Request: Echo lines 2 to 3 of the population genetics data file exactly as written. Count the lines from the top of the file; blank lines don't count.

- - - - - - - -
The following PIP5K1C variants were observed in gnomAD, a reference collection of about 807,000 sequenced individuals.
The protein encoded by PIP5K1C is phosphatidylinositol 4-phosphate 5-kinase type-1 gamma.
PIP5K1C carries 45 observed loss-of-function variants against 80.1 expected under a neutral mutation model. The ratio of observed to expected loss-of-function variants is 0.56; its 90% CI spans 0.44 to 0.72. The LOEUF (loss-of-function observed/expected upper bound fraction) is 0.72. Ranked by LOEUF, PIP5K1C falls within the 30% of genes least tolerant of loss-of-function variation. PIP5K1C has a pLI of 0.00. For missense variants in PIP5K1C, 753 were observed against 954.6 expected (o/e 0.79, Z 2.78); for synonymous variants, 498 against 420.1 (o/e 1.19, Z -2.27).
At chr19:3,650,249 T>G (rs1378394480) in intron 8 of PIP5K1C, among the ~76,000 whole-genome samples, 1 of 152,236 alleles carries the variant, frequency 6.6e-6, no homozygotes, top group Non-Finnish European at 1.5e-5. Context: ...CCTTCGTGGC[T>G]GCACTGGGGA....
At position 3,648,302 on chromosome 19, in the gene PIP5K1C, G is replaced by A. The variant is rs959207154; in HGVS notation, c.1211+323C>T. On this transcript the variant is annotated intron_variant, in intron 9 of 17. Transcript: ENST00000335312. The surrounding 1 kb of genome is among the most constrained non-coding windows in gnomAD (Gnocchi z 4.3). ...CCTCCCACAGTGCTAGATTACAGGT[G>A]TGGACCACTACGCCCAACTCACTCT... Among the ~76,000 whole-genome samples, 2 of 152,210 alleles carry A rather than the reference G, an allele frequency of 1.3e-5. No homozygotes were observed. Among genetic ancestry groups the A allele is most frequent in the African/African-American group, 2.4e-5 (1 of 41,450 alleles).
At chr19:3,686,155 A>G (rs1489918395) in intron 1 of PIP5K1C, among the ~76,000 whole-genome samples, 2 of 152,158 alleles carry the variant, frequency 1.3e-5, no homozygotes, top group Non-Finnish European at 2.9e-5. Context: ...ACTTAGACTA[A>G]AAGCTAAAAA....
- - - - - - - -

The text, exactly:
The protein encoded by PIP5K1C is phosphatidylinositol 4-phosphate 5-kinase type-1 gamma.
PIP5K1C carries 45 observed loss-of-function variants against 80.1 expected under a neutral mutation model. The ratio of observed to expected loss-of-function variants is 0.56; its 90% CI spans 0.44 to 0.72. The LOEUF (loss-of-function observed/expected upper bound fraction) is 0.72. Ranked by LOEUF, PIP5K1C falls within the 30% of genes least tolerant of loss-of-function variation. PIP5K1C has a pLI of 0.00. For missense variants in PIP5K1C, 753 were observed against 954.6 expected (o/e 0.79, Z 2.78); for synonymous variants, 498 against 420.1 (o/e 1.19, Z -2.27).